Now that we understand how arrows fly the way they do I think it might be worth looking into how bows behave. Bows are cleverly crafted pieces of engineering in style and simplicity. Da Vinci had a saying ‘Simplicity is the ultimate sophistication’. The mechanics and the physical behaviour of a bow is to be understood as an elegant tool of beauty and precision. A bow is a device that converts slow and steady human force over a distance into stored mechanical potential energy. Energy that is stored in the limbs of the bow. This energy is converted into kinetic energy upon release of the bowstring and a great deal of that kinetic energy is transferred to the arrow. Potential energy is the energy that an object has based on it’s position and kinetic energy is energy through motion. When you pull back on your bow, you apply a force to the bowstring which in turn bends the bow as it adds elastic potential energy. Thus a bow is basically a sprint which stores energy to be put into the arrow. The stretched shape of the bow is an example of potential energy and then there’s the kinetic energy which is what it becomes when the string springs back into it’s normal shape. As the second law of aerodynamics states that energy cannot be created nor destroyed, it just goes somewhere and that energy has now gone into the arrow. When the arrow leaves the bow it’s full of energy which is taking it into flight on a path towards the target where the only thing that can affect it’s flight is air resistance and gravity.

The draw weight of the bow is often associated with just the limbs of the bow. But in actual fact it’s more to do with the length of the bow itself as well. Draw weight is directly proportional to draw length, as the bow behaves just like a spring. Robert Hooke was a scientist who was studying the laws of motion using springs and he provided some inspiration to Isaac Newton. In 1660 he discovered the law of elasticity which bears his name: Hooke’s Law. Hooke’s Law explains that the amount of stretch in a spring is proportional to the force pulling on the spring. This can also be applied to bows where it’s known as elastic potential energy. When you pull the bow outwards the length of the stretch is the same as the force of you pulling it outwards. The force upon the bow is recognised as the draw curve. The draw curve is apparently a slight curve because of the shape of the bow, but when you combine it with other factors is becomes defined graphically to help understand the relationship between the draw length and the draw weight.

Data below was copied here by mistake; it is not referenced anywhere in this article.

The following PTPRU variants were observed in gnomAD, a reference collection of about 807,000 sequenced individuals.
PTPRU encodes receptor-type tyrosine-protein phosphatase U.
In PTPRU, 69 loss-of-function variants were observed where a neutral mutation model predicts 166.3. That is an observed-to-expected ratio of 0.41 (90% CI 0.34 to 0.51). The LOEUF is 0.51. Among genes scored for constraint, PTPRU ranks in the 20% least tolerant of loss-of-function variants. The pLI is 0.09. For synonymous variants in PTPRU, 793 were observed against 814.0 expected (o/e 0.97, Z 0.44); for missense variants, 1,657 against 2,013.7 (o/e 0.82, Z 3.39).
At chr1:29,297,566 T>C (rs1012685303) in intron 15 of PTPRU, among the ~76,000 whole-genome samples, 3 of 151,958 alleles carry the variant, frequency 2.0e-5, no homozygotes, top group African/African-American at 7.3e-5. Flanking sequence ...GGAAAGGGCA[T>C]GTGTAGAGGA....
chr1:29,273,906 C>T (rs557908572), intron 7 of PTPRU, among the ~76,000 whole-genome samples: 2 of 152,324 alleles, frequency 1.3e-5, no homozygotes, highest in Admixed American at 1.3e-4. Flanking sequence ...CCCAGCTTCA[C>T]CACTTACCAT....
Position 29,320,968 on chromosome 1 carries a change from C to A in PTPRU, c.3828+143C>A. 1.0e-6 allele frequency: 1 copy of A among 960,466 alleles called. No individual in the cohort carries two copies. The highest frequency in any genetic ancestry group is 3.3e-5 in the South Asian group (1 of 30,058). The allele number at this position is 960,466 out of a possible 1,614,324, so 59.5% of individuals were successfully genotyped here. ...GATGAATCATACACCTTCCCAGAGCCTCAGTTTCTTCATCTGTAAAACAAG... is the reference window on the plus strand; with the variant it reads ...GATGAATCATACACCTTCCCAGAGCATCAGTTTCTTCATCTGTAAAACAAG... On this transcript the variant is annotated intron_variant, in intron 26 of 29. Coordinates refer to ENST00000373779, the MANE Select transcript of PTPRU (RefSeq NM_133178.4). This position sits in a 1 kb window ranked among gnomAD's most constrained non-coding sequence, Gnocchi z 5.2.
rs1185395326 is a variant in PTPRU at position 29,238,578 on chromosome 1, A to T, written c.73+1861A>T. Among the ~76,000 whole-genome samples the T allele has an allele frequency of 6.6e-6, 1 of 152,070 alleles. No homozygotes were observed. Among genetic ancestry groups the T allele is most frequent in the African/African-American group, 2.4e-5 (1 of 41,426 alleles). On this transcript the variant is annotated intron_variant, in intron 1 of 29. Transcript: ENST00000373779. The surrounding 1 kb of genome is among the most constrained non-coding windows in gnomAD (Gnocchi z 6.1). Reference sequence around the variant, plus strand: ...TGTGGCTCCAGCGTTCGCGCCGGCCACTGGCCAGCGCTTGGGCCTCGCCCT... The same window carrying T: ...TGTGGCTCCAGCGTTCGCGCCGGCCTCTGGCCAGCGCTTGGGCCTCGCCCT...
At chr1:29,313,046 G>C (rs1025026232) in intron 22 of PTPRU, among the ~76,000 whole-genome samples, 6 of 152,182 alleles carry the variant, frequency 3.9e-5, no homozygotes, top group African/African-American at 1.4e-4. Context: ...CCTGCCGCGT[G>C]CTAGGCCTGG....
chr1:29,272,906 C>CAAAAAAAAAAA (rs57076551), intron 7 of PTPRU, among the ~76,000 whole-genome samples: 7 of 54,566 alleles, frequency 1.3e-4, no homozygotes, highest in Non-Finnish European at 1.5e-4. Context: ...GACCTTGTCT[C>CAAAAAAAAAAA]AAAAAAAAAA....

The relationship between the draw length and the draw weight is graphically defined as a straight line relationship where the energy stored in the bow is calculated by the draw weight multiplied by the draw length divided by the number of limbs (2). For example my bow has 28 lbs limbs and I have a draw length of about 28 inches. So 28 lbs x 28 ins/2 = 392 pounds per square inch.


For a recurve bow the draw weight is defined graphically as a straight line, but for a compound bow it is defined as a curved line. This is because compound bows use levers and cams, which decreases the draw weight with the draw length. Thus allowing the bow with the same amount of energy to require less force to pull on it. This is why compound bows feel lighter to pull than a recurve bow.


This is about as much as I can cover for now on the topic. I could go on but it would be too much for one post and so I have decided to make it in parts. I enjoyed writing this one because it gave me a chance to go over my old textbooks and reading material on physics and engineering principles. This could be a chance to show science in sport is not just for the physical attributes of the athlete but also for the performance of the equipment that they use. When you understand the laws of physics you can blend in with the nature of the competition.